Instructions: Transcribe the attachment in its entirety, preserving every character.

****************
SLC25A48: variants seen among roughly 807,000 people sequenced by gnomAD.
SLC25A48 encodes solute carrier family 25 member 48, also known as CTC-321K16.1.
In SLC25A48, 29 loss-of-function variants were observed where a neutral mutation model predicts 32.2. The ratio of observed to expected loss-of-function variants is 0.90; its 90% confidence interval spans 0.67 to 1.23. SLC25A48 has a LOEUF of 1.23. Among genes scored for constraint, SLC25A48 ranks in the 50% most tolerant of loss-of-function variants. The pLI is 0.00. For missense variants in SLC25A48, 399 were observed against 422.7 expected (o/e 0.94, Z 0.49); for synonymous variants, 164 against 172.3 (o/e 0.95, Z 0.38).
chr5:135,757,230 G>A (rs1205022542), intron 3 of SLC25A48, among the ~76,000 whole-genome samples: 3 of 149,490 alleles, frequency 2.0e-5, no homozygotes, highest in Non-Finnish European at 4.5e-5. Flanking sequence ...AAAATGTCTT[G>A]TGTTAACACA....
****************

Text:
SLC25A48: variants seen among roughly 807,000 people sequenced by gnomAD.
SLC25A48 encodes solute carrier family 25 member 48, also known as CTC-321K16.1.
In SLC25A48, 29 loss-of-function variants were observed where a neutral mutation model predicts 32.2. The ratio of observed to expected loss-of-function variants is 0.90; its 90% confidence interval spans 0.67 to 1.23. SLC25A48 has a LOEUF of 1.23. Among genes scored for constraint, SLC25A48 ranks in the 50% most tolerant of loss-of-function variants. The pLI is 0.00. For missense variants in SLC25A48, 399 were observed against 422.7 expected (o/e 0.94, Z 0.49); for synonymous variants, 164 against 172.3 (o/e 0.95, Z 0.38).
chr5:135,757,230 G>A (rs1205022542), intron 3 of SLC25A48, among the ~76,000 whole-genome samples: 3 of 149,490 alleles, frequency 2.0e-5, no homozygotes, highest in Non-Finnish European at 4.5e-5. Flanking sequence ...AAAATGTCTT[G>A]TGTTAACACA....